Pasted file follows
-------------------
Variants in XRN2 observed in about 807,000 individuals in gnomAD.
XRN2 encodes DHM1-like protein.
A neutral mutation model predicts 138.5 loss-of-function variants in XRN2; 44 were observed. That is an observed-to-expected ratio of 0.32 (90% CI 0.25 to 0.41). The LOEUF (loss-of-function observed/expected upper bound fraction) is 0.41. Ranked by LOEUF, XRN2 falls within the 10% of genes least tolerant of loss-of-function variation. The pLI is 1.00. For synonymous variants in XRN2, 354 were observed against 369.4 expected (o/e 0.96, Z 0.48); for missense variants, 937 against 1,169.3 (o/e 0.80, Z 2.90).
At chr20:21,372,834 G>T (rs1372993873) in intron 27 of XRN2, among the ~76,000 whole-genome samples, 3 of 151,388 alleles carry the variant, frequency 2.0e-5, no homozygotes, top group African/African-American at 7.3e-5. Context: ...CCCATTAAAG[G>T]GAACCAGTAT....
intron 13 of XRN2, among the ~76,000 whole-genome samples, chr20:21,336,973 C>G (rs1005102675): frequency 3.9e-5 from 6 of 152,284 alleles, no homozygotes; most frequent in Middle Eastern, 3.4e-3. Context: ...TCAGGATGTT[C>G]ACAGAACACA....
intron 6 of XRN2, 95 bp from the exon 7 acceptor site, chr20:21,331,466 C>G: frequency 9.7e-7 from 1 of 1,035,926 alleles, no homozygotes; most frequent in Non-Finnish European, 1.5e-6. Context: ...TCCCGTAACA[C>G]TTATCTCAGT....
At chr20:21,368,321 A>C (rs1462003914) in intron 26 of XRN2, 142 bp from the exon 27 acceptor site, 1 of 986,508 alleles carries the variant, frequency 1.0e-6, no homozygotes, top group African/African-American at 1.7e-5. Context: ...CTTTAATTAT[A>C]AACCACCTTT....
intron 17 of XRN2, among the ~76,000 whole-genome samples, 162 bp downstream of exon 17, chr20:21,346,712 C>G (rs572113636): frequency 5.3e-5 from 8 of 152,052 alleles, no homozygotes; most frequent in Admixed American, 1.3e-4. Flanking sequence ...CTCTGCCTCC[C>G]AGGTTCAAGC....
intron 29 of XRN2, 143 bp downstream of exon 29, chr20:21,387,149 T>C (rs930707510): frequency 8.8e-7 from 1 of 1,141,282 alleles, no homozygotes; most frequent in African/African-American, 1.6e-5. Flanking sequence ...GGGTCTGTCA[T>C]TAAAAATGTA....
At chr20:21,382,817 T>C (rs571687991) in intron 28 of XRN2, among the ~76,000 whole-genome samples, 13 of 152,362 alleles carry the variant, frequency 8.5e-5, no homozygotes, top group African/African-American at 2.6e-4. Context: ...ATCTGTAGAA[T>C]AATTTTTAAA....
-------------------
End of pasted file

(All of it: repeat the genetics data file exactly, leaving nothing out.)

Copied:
Variants in XRN2 observed in about 807,000 individuals in gnomAD.
XRN2 encodes DHM1-like protein.
A neutral mutation model predicts 138.5 loss-of-function variants in XRN2; 44 were observed. That is an observed-to-expected ratio of 0.32 (90% CI 0.25 to 0.41). The LOEUF (loss-of-function observed/expected upper bound fraction) is 0.41. Ranked by LOEUF, XRN2 falls within the 10% of genes least tolerant of loss-of-function variation. The pLI is 1.00. For synonymous variants in XRN2, 354 were observed against 369.4 expected (o/e 0.96, Z 0.48); for missense variants, 937 against 1,169.3 (o/e 0.80, Z 2.90).
At chr20:21,372,834 G>T (rs1372993873) in intron 27 of XRN2, among the ~76,000 whole-genome samples, 3 of 151,388 alleles carry the variant, frequency 2.0e-5, no homozygotes, top group African/African-American at 7.3e-5. Context: ...CCCATTAAAG[G>T]GAACCAGTAT....
intron 13 of XRN2, among the ~76,000 whole-genome samples, chr20:21,336,973 C>G (rs1005102675): frequency 3.9e-5 from 6 of 152,284 alleles, no homozygotes; most frequent in Middle Eastern, 3.4e-3. Context: ...TCAGGATGTT[C>G]ACAGAACACA....
intron 6 of XRN2, 95 bp from the exon 7 acceptor site, chr20:21,331,466 C>G: frequency 9.7e-7 from 1 of 1,035,926 alleles, no homozygotes; most frequent in Non-Finnish European, 1.5e-6. Context: ...TCCCGTAACA[C>G]TTATCTCAGT....
At chr20:21,368,321 A>C (rs1462003914) in intron 26 of XRN2, 142 bp from the exon 27 acceptor site, 1 of 986,508 alleles carries the variant, frequency 1.0e-6, no homozygotes, top group African/African-American at 1.7e-5. Context: ...CTTTAATTAT[A>C]AACCACCTTT....
intron 17 of XRN2, among the ~76,000 whole-genome samples, 162 bp downstream of exon 17, chr20:21,346,712 C>G (rs572113636): frequency 5.3e-5 from 8 of 152,052 alleles, no homozygotes; most frequent in Admixed American, 1.3e-4. Flanking sequence ...CTCTGCCTCC[C>G]AGGTTCAAGC....
intron 29 of XRN2, 143 bp downstream of exon 29, chr20:21,387,149 T>C (rs930707510): frequency 8.8e-7 from 1 of 1,141,282 alleles, no homozygotes; most frequent in African/African-American, 1.6e-5. Flanking sequence ...GGGTCTGTCA[T>C]TAAAAATGTA....
At chr20:21,382,817 T>C (rs571687991) in intron 28 of XRN2, among the ~76,000 whole-genome samples, 13 of 152,362 alleles carry the variant, frequency 8.5e-5, no homozygotes, top group African/African-American at 2.6e-4. Context: ...ATCTGTAGAA[T>C]AATTTTTAAA....